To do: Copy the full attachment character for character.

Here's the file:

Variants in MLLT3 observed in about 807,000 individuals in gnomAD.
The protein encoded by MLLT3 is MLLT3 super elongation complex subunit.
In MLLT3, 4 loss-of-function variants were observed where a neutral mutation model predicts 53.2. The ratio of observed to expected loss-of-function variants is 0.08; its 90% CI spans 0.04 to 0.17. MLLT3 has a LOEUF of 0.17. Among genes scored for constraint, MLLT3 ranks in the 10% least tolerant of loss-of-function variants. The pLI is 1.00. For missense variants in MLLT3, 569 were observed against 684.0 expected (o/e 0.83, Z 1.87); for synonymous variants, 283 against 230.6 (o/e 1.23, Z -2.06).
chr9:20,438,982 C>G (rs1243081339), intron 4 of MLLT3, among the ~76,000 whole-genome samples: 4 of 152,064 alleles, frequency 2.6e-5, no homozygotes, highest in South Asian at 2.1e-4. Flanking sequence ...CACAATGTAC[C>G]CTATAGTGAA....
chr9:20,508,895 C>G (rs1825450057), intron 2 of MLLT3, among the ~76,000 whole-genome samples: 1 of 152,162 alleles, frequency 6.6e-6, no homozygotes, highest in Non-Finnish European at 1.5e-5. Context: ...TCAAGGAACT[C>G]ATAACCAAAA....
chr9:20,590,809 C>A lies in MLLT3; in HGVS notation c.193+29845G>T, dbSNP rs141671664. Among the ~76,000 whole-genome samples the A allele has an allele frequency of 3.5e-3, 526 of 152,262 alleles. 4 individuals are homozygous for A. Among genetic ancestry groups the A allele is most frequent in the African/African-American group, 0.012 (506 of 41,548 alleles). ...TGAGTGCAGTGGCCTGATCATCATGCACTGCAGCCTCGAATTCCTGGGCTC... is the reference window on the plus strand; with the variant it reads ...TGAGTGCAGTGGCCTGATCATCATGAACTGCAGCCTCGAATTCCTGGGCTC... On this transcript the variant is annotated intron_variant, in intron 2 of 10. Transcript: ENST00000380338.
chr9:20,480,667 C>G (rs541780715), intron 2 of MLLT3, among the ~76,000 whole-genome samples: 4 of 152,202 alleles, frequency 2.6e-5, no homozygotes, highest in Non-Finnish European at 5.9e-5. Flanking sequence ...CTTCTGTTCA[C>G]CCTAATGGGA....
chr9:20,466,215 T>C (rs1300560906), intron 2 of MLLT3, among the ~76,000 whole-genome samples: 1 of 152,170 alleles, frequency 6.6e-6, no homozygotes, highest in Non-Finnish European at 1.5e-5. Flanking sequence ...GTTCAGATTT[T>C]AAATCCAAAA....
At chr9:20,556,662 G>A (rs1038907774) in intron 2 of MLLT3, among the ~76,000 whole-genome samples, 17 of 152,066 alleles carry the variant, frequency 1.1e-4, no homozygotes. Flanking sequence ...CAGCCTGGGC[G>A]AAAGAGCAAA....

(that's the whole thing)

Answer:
Variants in MLLT3 observed in about 807,000 individuals in gnomAD.
The protein encoded by MLLT3 is MLLT3 super elongation complex subunit.
In MLLT3, 4 loss-of-function variants were observed where a neutral mutation model predicts 53.2. The ratio of observed to expected loss-of-function variants is 0.08; its 90% CI spans 0.04 to 0.17. MLLT3 has a LOEUF of 0.17. Among genes scored for constraint, MLLT3 ranks in the 10% least tolerant of loss-of-function variants. The pLI is 1.00. For missense variants in MLLT3, 569 were observed against 684.0 expected (o/e 0.83, Z 1.87); for synonymous variants, 283 against 230.6 (o/e 1.23, Z -2.06).
chr9:20,438,982 C>G (rs1243081339), intron 4 of MLLT3, among the ~76,000 whole-genome samples: 4 of 152,064 alleles, frequency 2.6e-5, no homozygotes, highest in South Asian at 2.1e-4. Flanking sequence ...CACAATGTAC[C>G]CTATAGTGAA....
chr9:20,508,895 C>G (rs1825450057), intron 2 of MLLT3, among the ~76,000 whole-genome samples: 1 of 152,162 alleles, frequency 6.6e-6, no homozygotes, highest in Non-Finnish European at 1.5e-5. Context: ...TCAAGGAACT[C>G]ATAACCAAAA....
chr9:20,590,809 C>A lies in MLLT3; in HGVS notation c.193+29845G>T, dbSNP rs141671664. Among the ~76,000 whole-genome samples the A allele has an allele frequency of 3.5e-3, 526 of 152,262 alleles. 4 individuals are homozygous for A. Among genetic ancestry groups the A allele is most frequent in the African/African-American group, 0.012 (506 of 41,548 alleles). ...TGAGTGCAGTGGCCTGATCATCATGCACTGCAGCCTCGAATTCCTGGGCTC... is the reference window on the plus strand; with the variant it reads ...TGAGTGCAGTGGCCTGATCATCATGAACTGCAGCCTCGAATTCCTGGGCTC... On this transcript the variant is annotated intron_variant, in intron 2 of 10. Transcript: ENST00000380338.
chr9:20,480,667 C>G (rs541780715), intron 2 of MLLT3, among the ~76,000 whole-genome samples: 4 of 152,202 alleles, frequency 2.6e-5, no homozygotes, highest in Non-Finnish European at 5.9e-5. Flanking sequence ...CTTCTGTTCA[C>G]CCTAATGGGA....
chr9:20,466,215 T>C (rs1300560906), intron 2 of MLLT3, among the ~76,000 whole-genome samples: 1 of 152,170 alleles, frequency 6.6e-6, no homozygotes, highest in Non-Finnish European at 1.5e-5. Flanking sequence ...GTTCAGATTT[T>C]AAATCCAAAA....
At chr9:20,556,662 G>A (rs1038907774) in intron 2 of MLLT3, among the ~76,000 whole-genome samples, 17 of 152,066 alleles carry the variant, frequency 1.1e-4, no homozygotes. Flanking sequence ...CAGCCTGGGC[G>A]AAAGAGCAAA....